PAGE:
I started creating and maintaining Ansible modules for Cumulus Networks about a year ago, and love it.

Unit testing Ansible modules is important to me. I realized writing unit tests reduced the time I spent performing integration tests on real switches.

I will show a simple module and discuss how I configured unit tests for it.

Module structure

Ansible modules produce 3 main types of exit signals:

  • AnsibleModule.exit_json(changed=True): This means something changed. This activates the notify action, also if available

  • AnsibleModule.exit_json(changed=False): Nothing changed

  • AnsibleModule.fail_json(msg="Something bad"): This exits the playbook. No further tasks should be run.

In this example, the module uses the following arguments:

  • prefix - can be something like '10.1.1.0/24'

  • timeout - how long to run the check before quitting.

Pseudo code for the module

  1. Create Ansible module instance
  2. Check if route exists.
    • If route exists, return "no change"
    • If route doesn not exist, "Fail"
    • module does not have a "changed" option

It is common for modules to report a change if something happens. This is one of those few examples where reporting a change doesn't make sense.

The common use case for this module is when configuring a routing protocol on the switch or server, you want to confirm that the routes are been exchanged. So the prefix_check module, ensures that routing is working as expected. If the route is missing, then Fail.

Time for some code

Below is the main() function. Notice that main() is split out

module: prefixcheck author: Stanley Kamithi skamithi@gmail.com shortdescription: Check route prefix description: - Inspired by Cumulus Linux prefix_check Ansible Module. \ Given a route prefix, check to see if route exists. \ If the route exists, then do nothing. If route does not exist \ the module will exit with an error. options: prefix: description: - route to check. required: true timeout: description: - timeout interval. if route is not found by the \ time timeout kicks in then exit module '''

handy helper for calling system calls.

calls AnsibleModule.run_command and prints a more appropriate message

exec_path - path to file to execute, with all its arguments.

E.g "/sbin/ip -o link show"

failure_msg - what message to print on failure

def runcmd(module, execpath, failuremsg): (rc, out, err) = module.runcommand(execpath) if rc == 1: module.failjson(msg=failure_msg) return out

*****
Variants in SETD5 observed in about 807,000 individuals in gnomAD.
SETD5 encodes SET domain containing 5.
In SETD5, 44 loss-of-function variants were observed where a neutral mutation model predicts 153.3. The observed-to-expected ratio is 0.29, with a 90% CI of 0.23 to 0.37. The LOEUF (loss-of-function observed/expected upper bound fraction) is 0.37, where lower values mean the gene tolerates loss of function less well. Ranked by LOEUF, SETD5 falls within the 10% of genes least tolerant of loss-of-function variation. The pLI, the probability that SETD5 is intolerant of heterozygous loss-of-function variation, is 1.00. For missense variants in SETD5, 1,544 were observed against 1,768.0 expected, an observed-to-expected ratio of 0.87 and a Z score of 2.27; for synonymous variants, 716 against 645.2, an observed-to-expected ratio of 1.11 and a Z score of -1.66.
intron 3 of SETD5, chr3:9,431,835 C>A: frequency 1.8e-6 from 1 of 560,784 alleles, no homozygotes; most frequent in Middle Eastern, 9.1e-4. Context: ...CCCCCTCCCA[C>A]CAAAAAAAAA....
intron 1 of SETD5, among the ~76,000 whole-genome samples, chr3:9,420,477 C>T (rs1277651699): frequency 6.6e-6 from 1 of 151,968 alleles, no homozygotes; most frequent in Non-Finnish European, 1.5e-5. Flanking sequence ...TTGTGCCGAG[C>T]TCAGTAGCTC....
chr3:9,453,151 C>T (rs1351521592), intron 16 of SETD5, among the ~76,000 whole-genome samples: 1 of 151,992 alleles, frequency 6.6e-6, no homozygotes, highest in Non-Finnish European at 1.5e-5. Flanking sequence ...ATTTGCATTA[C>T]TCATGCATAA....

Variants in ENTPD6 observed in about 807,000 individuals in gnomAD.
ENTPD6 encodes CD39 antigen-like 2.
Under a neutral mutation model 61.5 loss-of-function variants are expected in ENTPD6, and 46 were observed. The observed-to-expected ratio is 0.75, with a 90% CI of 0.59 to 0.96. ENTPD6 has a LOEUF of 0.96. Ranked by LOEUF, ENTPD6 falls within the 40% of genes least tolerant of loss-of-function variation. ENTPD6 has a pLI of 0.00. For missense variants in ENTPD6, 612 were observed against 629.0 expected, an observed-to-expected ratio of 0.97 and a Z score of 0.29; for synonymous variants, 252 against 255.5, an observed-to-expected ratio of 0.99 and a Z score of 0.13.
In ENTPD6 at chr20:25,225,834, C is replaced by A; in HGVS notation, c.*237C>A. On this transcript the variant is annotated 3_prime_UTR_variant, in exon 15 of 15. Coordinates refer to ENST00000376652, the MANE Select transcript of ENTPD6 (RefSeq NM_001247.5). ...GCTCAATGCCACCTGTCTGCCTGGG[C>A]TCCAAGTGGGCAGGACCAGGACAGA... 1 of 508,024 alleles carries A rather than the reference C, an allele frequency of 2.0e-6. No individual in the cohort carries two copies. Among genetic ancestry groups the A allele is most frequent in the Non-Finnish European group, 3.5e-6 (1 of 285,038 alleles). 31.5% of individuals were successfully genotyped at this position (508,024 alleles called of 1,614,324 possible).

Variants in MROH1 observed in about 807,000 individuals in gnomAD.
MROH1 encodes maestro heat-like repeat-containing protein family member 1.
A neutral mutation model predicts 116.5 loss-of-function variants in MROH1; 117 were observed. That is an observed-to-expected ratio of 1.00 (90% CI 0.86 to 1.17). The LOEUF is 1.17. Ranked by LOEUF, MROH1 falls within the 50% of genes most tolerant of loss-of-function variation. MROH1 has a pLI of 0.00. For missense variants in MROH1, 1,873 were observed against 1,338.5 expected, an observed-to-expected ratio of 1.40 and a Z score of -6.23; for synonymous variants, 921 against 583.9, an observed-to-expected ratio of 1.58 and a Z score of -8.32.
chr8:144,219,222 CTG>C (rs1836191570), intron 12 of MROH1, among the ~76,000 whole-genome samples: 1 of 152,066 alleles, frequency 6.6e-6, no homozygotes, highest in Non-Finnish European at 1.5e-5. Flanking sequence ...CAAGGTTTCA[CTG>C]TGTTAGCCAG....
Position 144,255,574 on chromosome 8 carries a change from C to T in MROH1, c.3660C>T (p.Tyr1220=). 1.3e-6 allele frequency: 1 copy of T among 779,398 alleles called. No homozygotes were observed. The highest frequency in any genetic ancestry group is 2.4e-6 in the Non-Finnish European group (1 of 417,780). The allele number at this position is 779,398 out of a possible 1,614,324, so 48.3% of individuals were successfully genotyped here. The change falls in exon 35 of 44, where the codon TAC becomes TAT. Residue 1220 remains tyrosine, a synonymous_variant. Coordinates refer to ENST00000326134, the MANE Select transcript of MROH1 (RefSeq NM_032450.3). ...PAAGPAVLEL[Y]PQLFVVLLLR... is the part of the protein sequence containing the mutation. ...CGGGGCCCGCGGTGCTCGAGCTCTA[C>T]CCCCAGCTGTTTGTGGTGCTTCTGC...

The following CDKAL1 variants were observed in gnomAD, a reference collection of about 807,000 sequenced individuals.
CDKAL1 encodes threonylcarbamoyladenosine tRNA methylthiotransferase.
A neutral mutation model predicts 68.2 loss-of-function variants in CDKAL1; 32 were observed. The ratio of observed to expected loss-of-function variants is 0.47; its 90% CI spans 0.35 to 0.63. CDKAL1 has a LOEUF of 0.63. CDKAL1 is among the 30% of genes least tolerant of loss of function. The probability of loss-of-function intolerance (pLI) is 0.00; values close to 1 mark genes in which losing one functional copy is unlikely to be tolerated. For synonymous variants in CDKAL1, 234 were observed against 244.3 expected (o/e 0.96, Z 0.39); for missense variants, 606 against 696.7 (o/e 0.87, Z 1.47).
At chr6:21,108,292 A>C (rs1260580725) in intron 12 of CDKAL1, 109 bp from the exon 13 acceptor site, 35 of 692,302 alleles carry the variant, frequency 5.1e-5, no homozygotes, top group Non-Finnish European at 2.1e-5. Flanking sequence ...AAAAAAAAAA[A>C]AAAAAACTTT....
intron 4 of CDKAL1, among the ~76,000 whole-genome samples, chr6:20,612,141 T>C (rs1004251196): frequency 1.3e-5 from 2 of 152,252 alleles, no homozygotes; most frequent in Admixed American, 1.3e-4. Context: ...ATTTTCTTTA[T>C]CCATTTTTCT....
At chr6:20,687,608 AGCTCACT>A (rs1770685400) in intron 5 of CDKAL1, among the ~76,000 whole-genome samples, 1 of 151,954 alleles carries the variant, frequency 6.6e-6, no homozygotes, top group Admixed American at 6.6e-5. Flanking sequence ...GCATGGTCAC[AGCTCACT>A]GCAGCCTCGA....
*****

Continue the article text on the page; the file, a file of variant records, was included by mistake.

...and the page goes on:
def singleroutecheckrun(module): output = runcmd(module, '/sbin/ip route show %s' % (module.prefix), '/sbin/ip failed to execute. Check if prog exists') # if route is found, output will not be blank if len(output.splitlines()) > 0: return True return False

def checkifrouteexists(module): timeout = 0 # Start loop while True: # if route is found, return True if singleroutecheckrun(module): return True # if timeout occurs return False elif timeout == module.timeout: return False # otherwise sleep for poll interval and repeat the test else: timeout += 1 time.sleep(module.poll_interval)

def main(): module = AnsibleModule( argument_spec=dict( prefix=dict(required=True, type='str'), timeout=dict(default=5, type='int'), ), )

# define some hardcoded variables
# polling interval in sec between each ip route show execution
module.poll_interval = 1

# function runs a check.
# If after timeout it will return false
return_val = check_if_route_exists(module)
if return_val is True:
    module.exit_json(changed=False, msg="Route Found")
else:
    module.fail_json(msg="Route not Found. Check Routing Configuration")

import module snippets

from ansible.module_utils.basic import * import time

notice lots of modules don't have this name.

Wonder if its not required?

if name == 'main': main()

What to perform unit testing on?

  1. main()

    • Check AnsibleModule variable inputs. In my experience I fat finger stuff in the main() function all the time. This adds a basic sanity check to ensure I don't make any mistakes with the module arguments. This kind of error is easily detected in live system testing. I feel it saves me time during live testing to have this unit test in place.
    • Module exits correctly under different conditions. That is, if route check fails, run the exit_json() function. If it passes run the fail_json function. When making changes in the main(), I sometimes mess up the exit logic. This makes sure to catch any errors in the basic outcome logic of the module
  2. check_if_route_exists()

    • Mock ip route calls and if the route exists, return true
    • Mock the timeout, and ensure it returns false if the timeout is reached
  3. Test that the ip route call is correct

    • This ensures that future modifications of the module don't accidentally change the important system calls of this module.

The next blog post goes into test details and how I performed mocking.

Unit tests eliminate a lot of the common coding errors, I would otherwise encounter during integration testing on real switches. It has saved me a lot of time, and adds some dependability to modules I work on.